Let == 10k and = 10R

10mV RMS at the resonant frequency.

as and cancel each other out, so =

Thus =

Thus = = 1 mA

Voltage across or = x or

Thus Voltage across or =

Thus Voltage across or = 10 volts


The "gain" between the input and the output is known as magnification factor which in this case = 1000 (10mV rising to 10V = 1000 times) and thus the

magnification factor at resonance =

Parallel Resonance

By varying the frequency of the input current, the point where = approaches and a circulating current increases to a maximum in the parallel loop limited only by . The voltage across the circuit = x .

At the same time the overall resistance to the input current rises to a maximum and the through current is a minimum.

At resonance this circuit is called a rejecter circuit.

Resonance Curves

Assuming that we loosely couple a signal generator into the inductor of a parallel LC circuit and measure the voltage across with an RF voltmeter

Now let us sweep the input frequency and draw graph of the resulting voltage changes.

is the resonant frequency giving a peak voltage, .

The points either side are generally accepted as limits of usable frequency - This range to is the bandwidth [eg. 12kHz for speech] for a parallel LC circuit, which could be the load in a power valve RF amplifier.

Q Meter

This measurement, requiring only a voltmeter, is used in a common form of Q meter. Q meters give a measure of "Goodness" of a component or circuit.

In this case =

ie the Bandwidth compared to the resonant frequency = SELECTIVITY

In the exam the sheet of equations shows this formula as

fC = centre frequency fU = the upper frequency and fL = the lower frequency

There is also something called Carson's rule which is related to the above

This defines the approximate modulation bandwidth required for a carrier signal that is frequency-modulated by a spectrum of frequencies rather than a single frequency.

The Carson bandwidth rule is expressed by the relation Bw = 2(Af+Δf )

Where Bw is the bandwidth requirement,

Af is the highest modulating frequency

Δf is the carrier peak deviation frequency

For example, Carson's rule would say that the bandwidth or speech (300Hz to 3kHz) with a peak deviation of 5kHz would be.

Bw = 2(3kHz+5kHz)

Bw =2*8kHz

Bw =16kHz

Longwave Coils (for interest only)

If we build a receiver for say 120kHz, the RF stage (if we still require 12kHz speech bandwidth) will have a measured "MAX"

= = =

NOTE: a of is very low !!

(Quality Factor)

Providing is greater than a single figure the following basic statements are true with small and negligible errors.


The parallel resistance of a tuned circuit at resonance is x . This is known as the DYNAMIC resistance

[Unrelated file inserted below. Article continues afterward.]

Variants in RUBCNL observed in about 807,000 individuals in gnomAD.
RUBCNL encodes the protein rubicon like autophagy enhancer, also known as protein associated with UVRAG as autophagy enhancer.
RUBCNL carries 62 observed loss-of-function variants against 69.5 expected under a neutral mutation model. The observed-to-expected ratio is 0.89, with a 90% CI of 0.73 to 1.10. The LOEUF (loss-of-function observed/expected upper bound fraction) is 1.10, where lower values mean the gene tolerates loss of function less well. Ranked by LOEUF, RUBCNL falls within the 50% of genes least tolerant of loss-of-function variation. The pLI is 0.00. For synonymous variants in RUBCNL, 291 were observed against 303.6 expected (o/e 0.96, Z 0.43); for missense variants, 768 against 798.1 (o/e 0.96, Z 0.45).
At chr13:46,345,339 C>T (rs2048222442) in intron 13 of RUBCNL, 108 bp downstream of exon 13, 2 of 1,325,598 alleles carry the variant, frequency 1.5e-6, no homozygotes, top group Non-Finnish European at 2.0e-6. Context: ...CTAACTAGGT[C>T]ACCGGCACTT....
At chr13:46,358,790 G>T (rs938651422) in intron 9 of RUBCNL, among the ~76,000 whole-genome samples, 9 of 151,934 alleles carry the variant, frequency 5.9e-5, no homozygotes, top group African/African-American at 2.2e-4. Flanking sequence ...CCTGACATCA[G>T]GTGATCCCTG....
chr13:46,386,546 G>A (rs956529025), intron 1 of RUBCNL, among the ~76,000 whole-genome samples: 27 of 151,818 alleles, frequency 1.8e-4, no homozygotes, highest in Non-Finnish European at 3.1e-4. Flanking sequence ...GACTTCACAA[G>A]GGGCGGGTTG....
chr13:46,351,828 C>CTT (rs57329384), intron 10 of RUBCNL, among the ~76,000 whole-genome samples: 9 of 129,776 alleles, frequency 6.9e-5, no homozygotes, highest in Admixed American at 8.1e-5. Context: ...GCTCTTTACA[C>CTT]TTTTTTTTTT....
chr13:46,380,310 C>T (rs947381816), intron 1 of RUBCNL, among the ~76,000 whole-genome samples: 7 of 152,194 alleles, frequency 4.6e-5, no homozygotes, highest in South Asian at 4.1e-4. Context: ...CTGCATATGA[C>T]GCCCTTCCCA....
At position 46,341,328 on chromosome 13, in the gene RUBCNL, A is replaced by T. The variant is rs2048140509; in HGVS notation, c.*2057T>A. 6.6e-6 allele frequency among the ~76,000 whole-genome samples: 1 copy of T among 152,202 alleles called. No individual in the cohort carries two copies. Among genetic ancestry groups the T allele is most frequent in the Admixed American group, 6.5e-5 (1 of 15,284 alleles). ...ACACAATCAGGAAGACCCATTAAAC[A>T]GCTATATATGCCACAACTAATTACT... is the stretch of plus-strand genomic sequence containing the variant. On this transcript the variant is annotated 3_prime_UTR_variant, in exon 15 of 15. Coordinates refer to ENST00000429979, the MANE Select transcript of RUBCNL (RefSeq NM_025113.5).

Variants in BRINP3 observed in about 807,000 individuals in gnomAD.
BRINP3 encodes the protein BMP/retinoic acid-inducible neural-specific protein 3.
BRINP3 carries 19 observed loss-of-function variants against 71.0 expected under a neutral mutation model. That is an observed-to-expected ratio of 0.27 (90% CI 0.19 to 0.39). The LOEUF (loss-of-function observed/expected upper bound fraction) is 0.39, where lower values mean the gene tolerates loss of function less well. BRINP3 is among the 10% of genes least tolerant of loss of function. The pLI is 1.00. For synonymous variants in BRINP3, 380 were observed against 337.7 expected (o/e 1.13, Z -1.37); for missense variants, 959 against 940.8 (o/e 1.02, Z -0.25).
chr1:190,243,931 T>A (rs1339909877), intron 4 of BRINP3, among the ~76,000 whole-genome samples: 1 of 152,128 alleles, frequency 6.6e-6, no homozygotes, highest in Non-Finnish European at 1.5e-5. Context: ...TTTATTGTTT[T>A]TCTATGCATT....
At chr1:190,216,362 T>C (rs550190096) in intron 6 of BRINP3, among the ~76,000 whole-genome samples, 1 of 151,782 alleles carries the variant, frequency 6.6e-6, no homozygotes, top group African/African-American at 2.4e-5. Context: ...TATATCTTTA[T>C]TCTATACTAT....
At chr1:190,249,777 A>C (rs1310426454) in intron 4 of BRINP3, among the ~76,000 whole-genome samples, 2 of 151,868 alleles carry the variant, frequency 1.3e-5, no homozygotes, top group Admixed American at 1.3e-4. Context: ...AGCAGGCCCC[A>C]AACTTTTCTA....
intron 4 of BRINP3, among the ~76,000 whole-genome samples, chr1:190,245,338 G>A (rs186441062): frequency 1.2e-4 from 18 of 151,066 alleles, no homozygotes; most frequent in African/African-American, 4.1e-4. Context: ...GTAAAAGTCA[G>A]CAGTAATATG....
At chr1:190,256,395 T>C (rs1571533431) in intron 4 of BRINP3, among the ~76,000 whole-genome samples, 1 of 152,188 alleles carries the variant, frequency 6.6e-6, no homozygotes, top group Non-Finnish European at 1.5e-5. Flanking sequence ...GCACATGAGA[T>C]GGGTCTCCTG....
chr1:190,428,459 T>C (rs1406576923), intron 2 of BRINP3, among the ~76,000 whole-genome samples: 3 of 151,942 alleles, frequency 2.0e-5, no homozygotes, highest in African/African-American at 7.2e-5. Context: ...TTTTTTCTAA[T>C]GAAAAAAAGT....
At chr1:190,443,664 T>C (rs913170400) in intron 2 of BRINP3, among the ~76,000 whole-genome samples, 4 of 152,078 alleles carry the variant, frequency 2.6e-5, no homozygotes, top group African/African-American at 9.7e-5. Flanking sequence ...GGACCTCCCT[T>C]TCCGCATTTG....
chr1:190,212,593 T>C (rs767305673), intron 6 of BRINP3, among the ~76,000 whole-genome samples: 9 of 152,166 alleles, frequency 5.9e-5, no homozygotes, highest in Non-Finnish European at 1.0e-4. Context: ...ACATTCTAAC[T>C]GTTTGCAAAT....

An example of this is shown, a parallel tuned circuit in the "ANODE" of a RF amplifier.

Let = 1000 Ohms

and = 100

To tune to resonance we adjust until the DYNAMIC RESISTANCE is HIGHEST, ie for a max dip on the ammeter.

The coupling resistance to the next stage (Dynamic Resistance) is x = 100,000 Ohms

The series RF resistance of the coil

= = 10 Ohms

The general expression for Dynamic Resistance is :-

= which does not include any frequency component.

It is obvious from this that the larger compared to , the higher will be the Dynamic Resistance and .

2E4  12   Understand the use of capacitors for AC coupling (DC blocking) and decoupling AC signals (including RF  bypass) to ground.

It should be clear to you that from the construction of a capacitor (two separate plates with no link between them) provided no path for DC to pass. Thus it can be said that capacitors block DC and thus can be used for blocking DC in a circuit.

On the other hand in an AC circuit current appears to pass because of the build up and decay of the charge on one plate and then the other AC changes direction of its flow of electrons.

If therefore there is the possibility of an AC signal (and this include RF which is also AC) in a DC circuit then this can be channelled to ground via a capacitor and as such this is called decoupling hence the term "decoupling capacitor".

 Take a look at  page 35 Fig 5.19 and C3 is acting as a "decoupling capacitor" as the circuit is amplifying AC signals but any that might flow from the emitter of the transistor will be taken to ground via the Capacitor C3 but any DC signal will not be passed in stead it will travel to ground through R4.                                                                  


2E5   12  Understand the use of inductors for DC decoupling (AC blocking)

An inductor is a passive electronic component which is capable of storing electrical energy in the form of magnetic energy. Basically, it uses a conductor that is wound into a coil, and when electricity flows into the coil it will generate a magnetic field.

If we assume that an AC is flowing through the inductor. When current is about to flow to the inductor, the magnetic field generated by that current cuts across the other windings, giving rise to an induced voltage and thus preventing any changes in the current level.

These effects of the induced voltage are produced even when the direction in which the current is flowing is reversed. Before overcoming the induced voltage that is attempting to block the current, the direction of the current is reversed so that there is no flow of current.

The current level remains unchanged when DC (direct current) flows to the inductor so no induced voltage is produced, and it is possible to consider that a shorted state results. In other words, the inductor is a component that allows DC, but not AC, to flow through it.